An organization that isn’t embarking on an education program is really vulnerable. And it’s crucial that education is one aspect of a comprehensive, multifaceted risk management program. Such a program involves a series of defenses that need to be built and maintained. It’s important to be able to detect and analyze an event.
One way to think about this is the same way we would act to protect a physical entity or physical structure. You have perimeter defenses. As an example, you have a castle on a hillside ... so you have elevation. You have a moat, a castle wall, and then you have another series of walls, and somewhere in the center are the keys to the kingdom.
The more difficult that an organization makes it for a threat actor to engage, the more likely they're going to bypass your organization and go to a more vulnerable target. There are some very formal cybersecurity methods and frameworks established by the National Institutes of Standards and Technology that organizations across the U.S. and elsewhere use to establish a cybersecurity program.
PB: What is the recommended frequency for training employees?
RM: Many organizations will look—at minimum—at a quarterly training program, and there are certainly vendors available to do that. It's usually set up as on-demand training, and it's maybe a 20-, 30-, or 60-minute endeavor that individual employees will take at regular intervals. Quarterly is good because it keeps it front and center.
There are other options where it can be factored in ... things like safety meetings and toolbox meetings. There could be special training, lunch-and-learn webinars. There are all kinds of delivery tools available, but certainly keeping some form of regular training, keeping the conversation alive, and maintaining that culture is really important to the organization.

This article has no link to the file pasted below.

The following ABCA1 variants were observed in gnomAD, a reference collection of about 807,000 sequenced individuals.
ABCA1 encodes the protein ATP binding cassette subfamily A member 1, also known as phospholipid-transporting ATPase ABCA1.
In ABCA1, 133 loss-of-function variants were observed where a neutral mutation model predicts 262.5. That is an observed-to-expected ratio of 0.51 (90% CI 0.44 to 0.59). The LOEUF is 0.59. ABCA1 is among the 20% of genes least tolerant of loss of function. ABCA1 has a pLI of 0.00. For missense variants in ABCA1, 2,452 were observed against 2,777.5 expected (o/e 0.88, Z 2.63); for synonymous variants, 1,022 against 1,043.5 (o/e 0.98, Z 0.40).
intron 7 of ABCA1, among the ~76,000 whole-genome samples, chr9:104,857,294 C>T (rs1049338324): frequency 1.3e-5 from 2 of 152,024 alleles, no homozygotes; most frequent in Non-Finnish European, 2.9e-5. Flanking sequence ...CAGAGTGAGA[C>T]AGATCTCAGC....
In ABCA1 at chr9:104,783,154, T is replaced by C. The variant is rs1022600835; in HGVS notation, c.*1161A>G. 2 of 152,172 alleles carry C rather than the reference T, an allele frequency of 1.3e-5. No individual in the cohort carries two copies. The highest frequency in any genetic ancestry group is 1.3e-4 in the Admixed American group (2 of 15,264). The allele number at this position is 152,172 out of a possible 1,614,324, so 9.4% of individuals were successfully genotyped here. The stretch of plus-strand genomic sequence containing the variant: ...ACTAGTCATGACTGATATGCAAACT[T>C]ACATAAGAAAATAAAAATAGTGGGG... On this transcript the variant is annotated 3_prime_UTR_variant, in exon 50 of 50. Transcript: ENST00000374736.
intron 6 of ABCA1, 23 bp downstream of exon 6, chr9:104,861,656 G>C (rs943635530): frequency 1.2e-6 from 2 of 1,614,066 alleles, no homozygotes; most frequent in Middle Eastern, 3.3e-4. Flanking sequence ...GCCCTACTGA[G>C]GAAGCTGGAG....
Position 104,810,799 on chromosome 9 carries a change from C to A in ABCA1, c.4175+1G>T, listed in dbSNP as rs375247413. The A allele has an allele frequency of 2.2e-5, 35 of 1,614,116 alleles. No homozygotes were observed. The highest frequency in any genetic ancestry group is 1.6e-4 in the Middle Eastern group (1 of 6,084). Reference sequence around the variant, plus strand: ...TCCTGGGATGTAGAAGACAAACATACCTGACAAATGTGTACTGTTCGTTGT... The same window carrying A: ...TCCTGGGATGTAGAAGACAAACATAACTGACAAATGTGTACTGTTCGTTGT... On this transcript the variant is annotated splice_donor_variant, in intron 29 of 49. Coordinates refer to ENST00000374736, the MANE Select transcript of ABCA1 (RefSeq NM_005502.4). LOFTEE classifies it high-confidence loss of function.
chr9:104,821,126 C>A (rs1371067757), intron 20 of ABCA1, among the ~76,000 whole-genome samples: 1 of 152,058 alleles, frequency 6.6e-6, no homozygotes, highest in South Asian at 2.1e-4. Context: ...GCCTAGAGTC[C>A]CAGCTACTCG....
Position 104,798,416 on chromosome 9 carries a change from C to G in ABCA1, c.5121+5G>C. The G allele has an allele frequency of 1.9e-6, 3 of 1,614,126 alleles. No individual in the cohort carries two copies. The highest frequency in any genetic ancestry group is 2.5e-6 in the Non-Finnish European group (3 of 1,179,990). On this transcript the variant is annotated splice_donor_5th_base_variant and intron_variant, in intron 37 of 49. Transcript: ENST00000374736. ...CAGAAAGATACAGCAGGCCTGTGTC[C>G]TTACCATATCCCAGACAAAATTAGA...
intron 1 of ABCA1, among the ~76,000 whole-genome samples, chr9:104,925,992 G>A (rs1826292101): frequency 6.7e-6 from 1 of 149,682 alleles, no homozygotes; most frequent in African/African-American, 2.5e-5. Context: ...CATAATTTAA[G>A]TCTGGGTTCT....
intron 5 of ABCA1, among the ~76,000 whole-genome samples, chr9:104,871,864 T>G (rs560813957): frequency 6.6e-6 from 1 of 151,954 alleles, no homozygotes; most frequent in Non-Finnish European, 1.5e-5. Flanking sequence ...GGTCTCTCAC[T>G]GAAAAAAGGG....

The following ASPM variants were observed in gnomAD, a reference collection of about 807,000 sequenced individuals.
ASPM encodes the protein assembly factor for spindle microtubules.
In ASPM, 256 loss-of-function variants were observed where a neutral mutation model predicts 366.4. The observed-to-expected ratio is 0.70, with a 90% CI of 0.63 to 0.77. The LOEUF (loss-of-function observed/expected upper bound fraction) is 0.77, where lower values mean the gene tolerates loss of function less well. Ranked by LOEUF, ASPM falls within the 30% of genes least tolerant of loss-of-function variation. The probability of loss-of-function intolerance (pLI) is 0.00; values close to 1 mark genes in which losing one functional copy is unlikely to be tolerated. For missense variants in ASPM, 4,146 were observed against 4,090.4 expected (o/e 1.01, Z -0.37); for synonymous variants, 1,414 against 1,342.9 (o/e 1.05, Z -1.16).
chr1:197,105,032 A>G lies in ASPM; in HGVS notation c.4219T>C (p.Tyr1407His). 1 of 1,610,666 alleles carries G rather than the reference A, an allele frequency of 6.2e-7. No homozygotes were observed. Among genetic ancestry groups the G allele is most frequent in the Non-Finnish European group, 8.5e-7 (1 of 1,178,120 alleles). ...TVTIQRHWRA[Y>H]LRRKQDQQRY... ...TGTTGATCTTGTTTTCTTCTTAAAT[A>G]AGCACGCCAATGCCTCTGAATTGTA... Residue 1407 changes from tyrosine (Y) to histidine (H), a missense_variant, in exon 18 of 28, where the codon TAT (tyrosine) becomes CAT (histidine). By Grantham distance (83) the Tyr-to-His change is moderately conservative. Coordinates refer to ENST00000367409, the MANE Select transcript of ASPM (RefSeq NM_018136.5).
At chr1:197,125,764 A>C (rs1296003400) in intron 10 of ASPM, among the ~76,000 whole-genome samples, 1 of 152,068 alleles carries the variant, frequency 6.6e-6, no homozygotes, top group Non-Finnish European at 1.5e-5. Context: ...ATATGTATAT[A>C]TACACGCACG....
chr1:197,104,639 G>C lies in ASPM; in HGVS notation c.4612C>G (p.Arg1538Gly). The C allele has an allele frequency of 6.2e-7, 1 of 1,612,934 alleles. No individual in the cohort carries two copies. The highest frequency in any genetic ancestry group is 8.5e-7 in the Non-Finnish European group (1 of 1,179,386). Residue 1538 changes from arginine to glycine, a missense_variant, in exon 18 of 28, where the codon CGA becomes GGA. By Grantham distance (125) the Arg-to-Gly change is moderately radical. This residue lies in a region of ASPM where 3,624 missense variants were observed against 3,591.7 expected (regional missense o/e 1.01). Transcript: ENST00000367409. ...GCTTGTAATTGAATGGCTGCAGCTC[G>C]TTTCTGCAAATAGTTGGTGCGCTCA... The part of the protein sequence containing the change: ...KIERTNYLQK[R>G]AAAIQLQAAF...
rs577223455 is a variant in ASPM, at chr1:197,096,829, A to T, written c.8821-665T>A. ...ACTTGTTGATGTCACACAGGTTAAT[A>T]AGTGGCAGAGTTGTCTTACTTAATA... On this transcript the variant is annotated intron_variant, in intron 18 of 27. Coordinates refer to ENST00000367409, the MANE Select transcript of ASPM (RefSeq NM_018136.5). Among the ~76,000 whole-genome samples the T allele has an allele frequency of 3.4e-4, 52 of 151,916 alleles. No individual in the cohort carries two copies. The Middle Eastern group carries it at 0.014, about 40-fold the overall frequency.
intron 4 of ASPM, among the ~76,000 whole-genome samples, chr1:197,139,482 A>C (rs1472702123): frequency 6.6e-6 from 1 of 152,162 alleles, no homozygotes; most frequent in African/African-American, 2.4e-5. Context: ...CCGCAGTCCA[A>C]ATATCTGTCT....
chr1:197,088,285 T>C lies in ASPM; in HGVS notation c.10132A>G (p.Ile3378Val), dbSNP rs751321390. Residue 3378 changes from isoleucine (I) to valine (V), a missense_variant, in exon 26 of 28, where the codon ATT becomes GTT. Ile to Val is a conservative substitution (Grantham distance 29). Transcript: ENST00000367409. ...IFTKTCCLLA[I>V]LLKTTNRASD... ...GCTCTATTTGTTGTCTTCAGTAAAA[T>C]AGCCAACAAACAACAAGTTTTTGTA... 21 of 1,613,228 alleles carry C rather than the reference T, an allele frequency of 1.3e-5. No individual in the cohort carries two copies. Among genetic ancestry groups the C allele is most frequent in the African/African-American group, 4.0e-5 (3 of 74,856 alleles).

PB: What other defenses should be built.
RM: Clearly there should be very strong defenses built around technical controls and systems. There should be good physical security systems, and those should be tested. There should be ways of monitoring the effectiveness of your perimeter defenses. There are things available that outside parties can do like penetration testing, where they can actually determine if your defenses are holding and doing what they're meant to do.
Another important aspect is understanding it's not enough to just build a defense. You also need to understand when you're being probed or when you're under attack. There has to be a way of identifying an attack and analyzing the depth of potential penetration. And there has to be a way of containing that attack and eradicating it. You've got to be able to recover your systems and make sure there's no damage. And, if there is damage, you need to assess how extensive it is.
Then you have be able to remediate, recover, and learn from that. It's a cyclical process; it's not a one and done. The system constantly has to be renewed and refreshed because the threat environment isn't static, it's changing all of the time, so we need to change, too.
PB: How should businesses dispose of technology?
RM: The first thing to consider is to ensure that there is nothing that could be potentially recoverable on any piece of technology that you want to get rid of. So you want to make sure that they are absolutely inoperable before you start to get rid of them. That doesn't mean you turn them over to some recycler to do that for you because there's no guarantee your technology isn't going to be harvested.
The second consideration is that maybe the technology isn't working for you anymore, but it could work for someone else. So investigate with your vendors, the electronics companies you deal with, and see if there is any kind of program that may be available where you can contribute your expired hardware and technology.